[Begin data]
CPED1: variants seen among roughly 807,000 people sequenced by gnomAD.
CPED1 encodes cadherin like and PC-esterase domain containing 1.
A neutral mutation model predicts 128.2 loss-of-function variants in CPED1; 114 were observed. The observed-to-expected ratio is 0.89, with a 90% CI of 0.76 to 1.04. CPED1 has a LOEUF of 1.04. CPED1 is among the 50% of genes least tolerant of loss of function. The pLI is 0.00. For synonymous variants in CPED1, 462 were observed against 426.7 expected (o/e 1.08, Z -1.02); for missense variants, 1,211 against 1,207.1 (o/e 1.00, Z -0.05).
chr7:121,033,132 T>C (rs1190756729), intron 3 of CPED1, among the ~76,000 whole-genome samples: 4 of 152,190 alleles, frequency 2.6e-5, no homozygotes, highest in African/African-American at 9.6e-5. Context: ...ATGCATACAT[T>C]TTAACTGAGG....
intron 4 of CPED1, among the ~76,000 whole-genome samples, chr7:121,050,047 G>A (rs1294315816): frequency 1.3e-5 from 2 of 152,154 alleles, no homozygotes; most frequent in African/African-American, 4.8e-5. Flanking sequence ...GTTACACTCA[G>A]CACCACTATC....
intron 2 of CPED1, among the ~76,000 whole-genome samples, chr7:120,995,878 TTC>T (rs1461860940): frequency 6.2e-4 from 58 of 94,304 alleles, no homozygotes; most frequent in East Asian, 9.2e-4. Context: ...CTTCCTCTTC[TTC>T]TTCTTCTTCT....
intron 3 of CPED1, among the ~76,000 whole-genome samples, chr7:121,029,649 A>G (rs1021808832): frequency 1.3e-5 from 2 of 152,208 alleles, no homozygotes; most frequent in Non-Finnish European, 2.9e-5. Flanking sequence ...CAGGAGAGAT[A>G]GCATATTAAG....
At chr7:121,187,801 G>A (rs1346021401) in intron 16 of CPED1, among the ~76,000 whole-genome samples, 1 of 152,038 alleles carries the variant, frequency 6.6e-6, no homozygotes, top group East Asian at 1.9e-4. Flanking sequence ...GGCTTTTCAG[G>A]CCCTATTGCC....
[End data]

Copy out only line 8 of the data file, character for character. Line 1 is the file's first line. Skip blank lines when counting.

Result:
At chr7:121,187,801 G>A (rs1346021401) in intron 16 of CPED1, among the ~76,000 whole-genome samples, 1 of 152,038 alleles carries the variant, frequency 6.6e-6, no homozygotes, top group East Asian at 1.9e-4. Flanking sequence ...GGCTTTTCAG[G>A]CCCTATTGCC....